Scotland — The Scottish Government unveiled a proposal that includes a 20p return value for drinks containers – with all retailers in the country required to comply and accept returns. The scheme is expected to be up and running by the end of the current parliament in 2021 and aims to capture 90 per cent of drinks containers for recycling within three years.
Going green is getting cheaper
Renewable technology has become cost competitive. The total cost of building and operating an electricity-generating plant has fallen by 35% since the first half of 2018, by 24% for offshore wind, and by 10% and 18% for onshore wind and solar respectively. The price of lithium-ion battery storage (allowing us to store energy and cover peaks in demand as well as bridge periods when the wind is calm and the sun does not shine) has dropped by more than three quarters since 2012.
Stock Market — Last Tuesday, as the market was down, there was a spike in Beyond Meat shares, producer of plant-based meat products now sold at Whole Foods, Safeway and featured on the menus of a number of restaurant chains. With the price of meat on the rise, it is likely that the price of plant-based burgers will start to look less expensive in comparison, which could boost demand over the next couple of years.
The rise of renewable energy
Germany — Germany just started testing its eHighway system on a 3.1-mile stretch of the Autobahn between Frankfurt and Darmstadt. It uses electric-diesel hybrid trucks merged into everyday traffic that receive power from overhead cables. When they brake, the trucks feed electricity into the energy grid, which makes the system particularly useful in the event of a traffic jam.
British Columbia — 10 out of 27 staffed lighthouses in British Columbia are scheduled to be upgraded to solar and wind energy in the next few years. Traditionally, they have relied on diesel generators that run 24/7 (as early as 1874). The shift to renewables is environmentally sound, it reduces the need for costly and difficult fuel deliveries to the lighthouses, and it improves the quality of life for lighthouse keepers who live next to diesel generators.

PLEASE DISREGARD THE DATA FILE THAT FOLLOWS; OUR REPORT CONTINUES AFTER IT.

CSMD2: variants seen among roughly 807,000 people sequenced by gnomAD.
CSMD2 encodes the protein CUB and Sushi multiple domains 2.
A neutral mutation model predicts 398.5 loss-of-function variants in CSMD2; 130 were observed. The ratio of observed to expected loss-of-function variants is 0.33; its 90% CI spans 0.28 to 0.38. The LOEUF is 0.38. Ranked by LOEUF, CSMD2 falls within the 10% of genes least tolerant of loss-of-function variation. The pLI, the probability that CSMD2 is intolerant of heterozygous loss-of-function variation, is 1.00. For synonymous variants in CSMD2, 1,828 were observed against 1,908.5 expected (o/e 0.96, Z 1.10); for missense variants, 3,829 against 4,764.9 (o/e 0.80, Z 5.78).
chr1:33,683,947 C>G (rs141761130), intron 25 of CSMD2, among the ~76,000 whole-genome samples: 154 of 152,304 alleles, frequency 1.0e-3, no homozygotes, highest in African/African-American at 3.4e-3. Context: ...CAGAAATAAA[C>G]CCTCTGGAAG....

Berlin, Germany — German automotive supplier Bosch is the first major industrial company to become fully carbon neutral by 2020. Bosch aims to increase energy efficiency, expand the share of renewables in its energy supply to as much as 40 per cent, invest in green energy and offset unavoidable CO2 emissions.
Nature is bouncing back
Indian Ocean — According to a study published on Wednesday, the previously extinct Aldabra Atoll bird has re-evolved into existence and claimed its home island in the Indian Ocean. It first went extinct around 136,000 years ago when the island was completely submerged by the sea. Although an extremely rare phenomenon, it shows that it is not impossible for species to re-emerge despite past iterations going extinct.
American Samoa — A new study found corals in warm, shallow pools that have adapted to heat stress from ocean heat waves and could restore reefs that are resistant to bleaching. For four species, researchers demonstrated that the heat tolerance that these corals acquired in hot pools is maintained even when they are transplanted elsewhere, meaning their heat tolerance is ingrained within their DNA. The study suggests that reef communities could be repopulated with “super-corals” that are more resilient to the increasing heat stress that is predicted.
Myanmar — Humans have developed a symbiotic relationship with Asian elephants that could protect both species against climate change. During storms and war times in the forests of Myanmar, elephants have a history of rescuing humans (ie. crossing rising rivers, navigating the rain-soaked terrain or unchartered paths to bring people to safety). In return, caretakers — known as “mahouts” in English (derived from Hindi) — ensure that the animal survives the threat of extinction.